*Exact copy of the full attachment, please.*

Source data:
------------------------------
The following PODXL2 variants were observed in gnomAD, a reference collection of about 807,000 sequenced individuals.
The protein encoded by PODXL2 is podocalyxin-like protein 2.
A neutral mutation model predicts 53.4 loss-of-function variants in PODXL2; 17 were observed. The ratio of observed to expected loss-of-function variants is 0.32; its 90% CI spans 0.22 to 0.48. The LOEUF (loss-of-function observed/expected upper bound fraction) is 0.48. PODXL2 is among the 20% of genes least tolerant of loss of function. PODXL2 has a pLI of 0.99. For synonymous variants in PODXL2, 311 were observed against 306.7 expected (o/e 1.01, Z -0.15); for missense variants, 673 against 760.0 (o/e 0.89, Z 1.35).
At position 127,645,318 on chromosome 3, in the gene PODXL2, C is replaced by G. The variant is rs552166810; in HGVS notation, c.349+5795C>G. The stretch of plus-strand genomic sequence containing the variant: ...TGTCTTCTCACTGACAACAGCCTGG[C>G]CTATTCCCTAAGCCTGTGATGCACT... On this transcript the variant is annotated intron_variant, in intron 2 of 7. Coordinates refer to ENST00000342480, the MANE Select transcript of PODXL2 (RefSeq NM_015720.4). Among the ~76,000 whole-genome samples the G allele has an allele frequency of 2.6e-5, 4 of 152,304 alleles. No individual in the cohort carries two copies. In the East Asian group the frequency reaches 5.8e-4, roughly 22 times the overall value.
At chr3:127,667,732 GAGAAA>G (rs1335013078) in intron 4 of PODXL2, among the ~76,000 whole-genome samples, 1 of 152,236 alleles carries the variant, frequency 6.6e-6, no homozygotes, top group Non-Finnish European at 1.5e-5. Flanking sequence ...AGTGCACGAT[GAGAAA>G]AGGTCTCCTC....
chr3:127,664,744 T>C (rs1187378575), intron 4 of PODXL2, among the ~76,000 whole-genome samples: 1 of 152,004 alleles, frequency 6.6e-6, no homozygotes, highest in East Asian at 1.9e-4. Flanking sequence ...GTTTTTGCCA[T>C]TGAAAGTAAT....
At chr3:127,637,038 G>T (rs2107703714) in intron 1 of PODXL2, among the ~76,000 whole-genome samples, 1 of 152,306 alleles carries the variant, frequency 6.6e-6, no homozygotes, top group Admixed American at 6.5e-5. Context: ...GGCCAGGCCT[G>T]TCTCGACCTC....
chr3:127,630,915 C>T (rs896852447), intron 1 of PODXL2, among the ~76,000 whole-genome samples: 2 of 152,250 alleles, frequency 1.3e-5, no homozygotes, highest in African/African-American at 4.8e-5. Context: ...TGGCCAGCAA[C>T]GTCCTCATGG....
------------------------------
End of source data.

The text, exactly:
The following PODXL2 variants were observed in gnomAD, a reference collection of about 807,000 sequenced individuals.
The protein encoded by PODXL2 is podocalyxin-like protein 2.
A neutral mutation model predicts 53.4 loss-of-function variants in PODXL2; 17 were observed. The ratio of observed to expected loss-of-function variants is 0.32; its 90% CI spans 0.22 to 0.48. The LOEUF (loss-of-function observed/expected upper bound fraction) is 0.48. PODXL2 is among the 20% of genes least tolerant of loss of function. PODXL2 has a pLI of 0.99. For synonymous variants in PODXL2, 311 were observed against 306.7 expected (o/e 1.01, Z -0.15); for missense variants, 673 against 760.0 (o/e 0.89, Z 1.35).
At position 127,645,318 on chromosome 3, in the gene PODXL2, C is replaced by G. The variant is rs552166810; in HGVS notation, c.349+5795C>G. The stretch of plus-strand genomic sequence containing the variant: ...TGTCTTCTCACTGACAACAGCCTGG[C>G]CTATTCCCTAAGCCTGTGATGCACT... On this transcript the variant is annotated intron_variant, in intron 2 of 7. Coordinates refer to ENST00000342480, the MANE Select transcript of PODXL2 (RefSeq NM_015720.4). Among the ~76,000 whole-genome samples the G allele has an allele frequency of 2.6e-5, 4 of 152,304 alleles. No individual in the cohort carries two copies. In the East Asian group the frequency reaches 5.8e-4, roughly 22 times the overall value.
At chr3:127,667,732 GAGAAA>G (rs1335013078) in intron 4 of PODXL2, among the ~76,000 whole-genome samples, 1 of 152,236 alleles carries the variant, frequency 6.6e-6, no homozygotes, top group Non-Finnish European at 1.5e-5. Flanking sequence ...AGTGCACGAT[GAGAAA>G]AGGTCTCCTC....
chr3:127,664,744 T>C (rs1187378575), intron 4 of PODXL2, among the ~76,000 whole-genome samples: 1 of 152,004 alleles, frequency 6.6e-6, no homozygotes, highest in East Asian at 1.9e-4. Flanking sequence ...GTTTTTGCCA[T>C]TGAAAGTAAT....
At chr3:127,637,038 G>T (rs2107703714) in intron 1 of PODXL2, among the ~76,000 whole-genome samples, 1 of 152,306 alleles carries the variant, frequency 6.6e-6, no homozygotes, top group Admixed American at 6.5e-5. Context: ...GGCCAGGCCT[G>T]TCTCGACCTC....
chr3:127,630,915 C>T (rs896852447), intron 1 of PODXL2, among the ~76,000 whole-genome samples: 2 of 152,250 alleles, frequency 1.3e-5, no homozygotes, highest in African/African-American at 4.8e-5. Context: ...TGGCCAGCAA[C>T]GTCCTCATGG....